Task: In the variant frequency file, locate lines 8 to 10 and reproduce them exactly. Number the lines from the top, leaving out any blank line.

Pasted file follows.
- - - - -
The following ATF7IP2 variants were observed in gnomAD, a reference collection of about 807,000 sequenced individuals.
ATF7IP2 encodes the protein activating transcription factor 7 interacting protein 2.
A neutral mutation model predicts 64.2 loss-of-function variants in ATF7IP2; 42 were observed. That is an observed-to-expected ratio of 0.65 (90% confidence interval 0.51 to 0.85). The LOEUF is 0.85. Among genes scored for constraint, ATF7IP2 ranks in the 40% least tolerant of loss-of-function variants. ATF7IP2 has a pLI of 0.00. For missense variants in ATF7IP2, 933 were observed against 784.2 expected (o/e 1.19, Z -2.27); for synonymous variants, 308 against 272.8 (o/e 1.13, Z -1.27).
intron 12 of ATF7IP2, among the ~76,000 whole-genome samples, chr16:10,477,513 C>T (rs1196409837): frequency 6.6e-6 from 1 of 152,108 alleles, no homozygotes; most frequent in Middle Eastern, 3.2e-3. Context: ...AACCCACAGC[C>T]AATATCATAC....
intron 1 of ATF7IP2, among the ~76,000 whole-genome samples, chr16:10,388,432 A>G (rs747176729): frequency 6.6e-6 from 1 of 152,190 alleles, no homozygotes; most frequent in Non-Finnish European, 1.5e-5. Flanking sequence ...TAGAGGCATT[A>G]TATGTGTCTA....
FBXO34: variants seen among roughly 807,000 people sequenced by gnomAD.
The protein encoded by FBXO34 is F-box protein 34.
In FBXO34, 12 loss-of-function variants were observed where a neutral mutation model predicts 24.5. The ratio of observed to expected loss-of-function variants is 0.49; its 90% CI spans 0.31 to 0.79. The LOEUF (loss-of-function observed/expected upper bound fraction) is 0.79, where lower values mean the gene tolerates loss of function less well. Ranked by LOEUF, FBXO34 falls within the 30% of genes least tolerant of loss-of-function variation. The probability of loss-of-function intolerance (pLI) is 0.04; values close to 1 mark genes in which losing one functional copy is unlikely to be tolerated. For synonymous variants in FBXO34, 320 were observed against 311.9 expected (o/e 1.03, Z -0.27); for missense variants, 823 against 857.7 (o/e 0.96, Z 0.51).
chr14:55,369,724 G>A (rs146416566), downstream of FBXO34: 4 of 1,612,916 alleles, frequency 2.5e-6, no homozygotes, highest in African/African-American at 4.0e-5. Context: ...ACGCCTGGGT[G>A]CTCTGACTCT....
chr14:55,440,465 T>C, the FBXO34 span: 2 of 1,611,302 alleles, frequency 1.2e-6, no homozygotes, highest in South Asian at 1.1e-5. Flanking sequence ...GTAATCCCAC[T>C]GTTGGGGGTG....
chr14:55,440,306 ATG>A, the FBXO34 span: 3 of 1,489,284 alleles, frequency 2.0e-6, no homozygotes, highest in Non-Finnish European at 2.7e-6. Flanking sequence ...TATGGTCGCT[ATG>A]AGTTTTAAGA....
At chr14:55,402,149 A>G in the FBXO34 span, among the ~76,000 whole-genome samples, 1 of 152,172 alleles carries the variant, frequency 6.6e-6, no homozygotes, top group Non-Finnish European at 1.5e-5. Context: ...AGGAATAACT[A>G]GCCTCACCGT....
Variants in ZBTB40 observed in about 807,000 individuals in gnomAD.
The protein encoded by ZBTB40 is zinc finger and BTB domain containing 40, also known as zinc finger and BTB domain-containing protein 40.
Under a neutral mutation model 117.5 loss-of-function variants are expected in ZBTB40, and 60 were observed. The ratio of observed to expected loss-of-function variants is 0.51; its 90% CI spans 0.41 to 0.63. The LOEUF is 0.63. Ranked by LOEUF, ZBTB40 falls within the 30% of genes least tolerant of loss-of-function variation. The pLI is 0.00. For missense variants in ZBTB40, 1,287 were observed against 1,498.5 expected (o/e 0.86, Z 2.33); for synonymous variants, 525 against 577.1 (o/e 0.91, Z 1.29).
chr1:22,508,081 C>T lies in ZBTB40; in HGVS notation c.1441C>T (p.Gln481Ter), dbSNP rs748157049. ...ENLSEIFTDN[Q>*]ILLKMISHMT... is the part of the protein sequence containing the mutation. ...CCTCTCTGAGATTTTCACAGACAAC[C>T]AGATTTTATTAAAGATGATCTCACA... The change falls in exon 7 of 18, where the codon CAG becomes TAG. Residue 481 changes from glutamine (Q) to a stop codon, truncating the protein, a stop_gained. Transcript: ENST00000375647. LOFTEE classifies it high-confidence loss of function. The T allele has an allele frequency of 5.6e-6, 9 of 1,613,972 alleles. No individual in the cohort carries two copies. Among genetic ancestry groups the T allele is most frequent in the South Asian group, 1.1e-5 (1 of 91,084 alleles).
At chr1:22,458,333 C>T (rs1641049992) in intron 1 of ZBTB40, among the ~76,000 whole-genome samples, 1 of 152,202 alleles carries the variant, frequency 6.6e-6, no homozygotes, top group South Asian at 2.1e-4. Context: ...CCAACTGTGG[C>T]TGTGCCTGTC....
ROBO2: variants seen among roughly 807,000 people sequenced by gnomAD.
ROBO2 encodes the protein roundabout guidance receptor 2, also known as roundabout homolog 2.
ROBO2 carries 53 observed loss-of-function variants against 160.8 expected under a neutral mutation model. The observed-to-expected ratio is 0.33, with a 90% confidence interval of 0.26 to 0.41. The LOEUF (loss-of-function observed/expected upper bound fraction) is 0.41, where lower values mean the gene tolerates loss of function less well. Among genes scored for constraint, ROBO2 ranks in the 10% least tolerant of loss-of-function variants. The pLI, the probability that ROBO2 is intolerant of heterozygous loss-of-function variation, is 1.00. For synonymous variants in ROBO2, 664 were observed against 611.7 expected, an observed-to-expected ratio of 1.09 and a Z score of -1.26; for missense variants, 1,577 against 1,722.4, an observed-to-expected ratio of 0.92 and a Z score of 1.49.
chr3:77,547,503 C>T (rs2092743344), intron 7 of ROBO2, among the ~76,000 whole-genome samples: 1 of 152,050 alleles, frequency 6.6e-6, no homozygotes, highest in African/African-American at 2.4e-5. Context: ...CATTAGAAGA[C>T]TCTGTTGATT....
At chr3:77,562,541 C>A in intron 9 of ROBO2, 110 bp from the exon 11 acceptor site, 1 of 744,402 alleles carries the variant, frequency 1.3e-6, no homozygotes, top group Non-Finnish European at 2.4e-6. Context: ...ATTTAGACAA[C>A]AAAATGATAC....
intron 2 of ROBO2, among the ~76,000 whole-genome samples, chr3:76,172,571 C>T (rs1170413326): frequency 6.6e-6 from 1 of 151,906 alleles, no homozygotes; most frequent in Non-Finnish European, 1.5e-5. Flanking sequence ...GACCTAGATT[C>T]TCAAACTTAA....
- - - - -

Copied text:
In FBXO34, 12 loss-of-function variants were observed where a neutral mutation model predicts 24.5. The ratio of observed to expected loss-of-function variants is 0.49; its 90% CI spans 0.31 to 0.79. The LOEUF (loss-of-function observed/expected upper bound fraction) is 0.79, where lower values mean the gene tolerates loss of function less well. Ranked by LOEUF, FBXO34 falls within the 30% of genes least tolerant of loss-of-function variation. The probability of loss-of-function intolerance (pLI) is 0.04; values close to 1 mark genes in which losing one functional copy is unlikely to be tolerated. For synonymous variants in FBXO34, 320 were observed against 311.9 expected (o/e 1.03, Z -0.27); for missense variants, 823 against 857.7 (o/e 0.96, Z 0.51).
chr14:55,369,724 G>A (rs146416566), downstream of FBXO34: 4 of 1,612,916 alleles, frequency 2.5e-6, no homozygotes, highest in African/African-American at 4.0e-5. Context: ...ACGCCTGGGT[G>A]CTCTGACTCT....
chr14:55,440,465 T>C, the FBXO34 span: 2 of 1,611,302 alleles, frequency 1.2e-6, no homozygotes, highest in South Asian at 1.1e-5. Flanking sequence ...GTAATCCCAC[T>C]GTTGGGGGTG....